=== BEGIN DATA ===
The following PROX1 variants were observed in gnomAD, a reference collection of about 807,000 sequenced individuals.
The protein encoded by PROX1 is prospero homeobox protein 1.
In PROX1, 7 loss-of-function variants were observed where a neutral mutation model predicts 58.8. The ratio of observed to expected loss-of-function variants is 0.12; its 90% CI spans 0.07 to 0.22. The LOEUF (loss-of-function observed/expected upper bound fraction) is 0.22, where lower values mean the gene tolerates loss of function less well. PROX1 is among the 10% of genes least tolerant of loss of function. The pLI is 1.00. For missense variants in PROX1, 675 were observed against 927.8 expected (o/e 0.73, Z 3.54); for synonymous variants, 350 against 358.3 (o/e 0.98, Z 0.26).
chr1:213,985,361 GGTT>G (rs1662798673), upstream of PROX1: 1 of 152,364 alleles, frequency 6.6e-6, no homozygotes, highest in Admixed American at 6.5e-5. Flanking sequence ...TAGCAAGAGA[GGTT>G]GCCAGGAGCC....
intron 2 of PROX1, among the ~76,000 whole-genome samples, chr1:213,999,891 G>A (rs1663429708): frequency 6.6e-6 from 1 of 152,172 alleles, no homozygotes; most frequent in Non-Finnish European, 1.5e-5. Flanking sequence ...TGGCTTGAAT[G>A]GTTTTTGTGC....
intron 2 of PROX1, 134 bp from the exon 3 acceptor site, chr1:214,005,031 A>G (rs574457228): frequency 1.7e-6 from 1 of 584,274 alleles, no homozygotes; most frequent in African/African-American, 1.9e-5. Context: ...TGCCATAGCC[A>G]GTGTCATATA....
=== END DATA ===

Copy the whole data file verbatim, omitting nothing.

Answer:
The following PROX1 variants were observed in gnomAD, a reference collection of about 807,000 sequenced individuals.
The protein encoded by PROX1 is prospero homeobox protein 1.
In PROX1, 7 loss-of-function variants were observed where a neutral mutation model predicts 58.8. The ratio of observed to expected loss-of-function variants is 0.12; its 90% CI spans 0.07 to 0.22. The LOEUF (loss-of-function observed/expected upper bound fraction) is 0.22, where lower values mean the gene tolerates loss of function less well. PROX1 is among the 10% of genes least tolerant of loss of function. The pLI is 1.00. For missense variants in PROX1, 675 were observed against 927.8 expected (o/e 0.73, Z 3.54); for synonymous variants, 350 against 358.3 (o/e 0.98, Z 0.26).
chr1:213,985,361 GGTT>G (rs1662798673), upstream of PROX1: 1 of 152,364 alleles, frequency 6.6e-6, no homozygotes, highest in Admixed American at 6.5e-5. Flanking sequence ...TAGCAAGAGA[GGTT>G]GCCAGGAGCC....
intron 2 of PROX1, among the ~76,000 whole-genome samples, chr1:213,999,891 G>A (rs1663429708): frequency 6.6e-6 from 1 of 152,172 alleles, no homozygotes; most frequent in Non-Finnish European, 1.5e-5. Flanking sequence ...TGGCTTGAAT[G>A]GTTTTTGTGC....
intron 2 of PROX1, 134 bp from the exon 3 acceptor site, chr1:214,005,031 A>G (rs574457228): frequency 1.7e-6 from 1 of 584,274 alleles, no homozygotes; most frequent in African/African-American, 1.9e-5. Context: ...TGCCATAGCC[A>G]GTGTCATATA....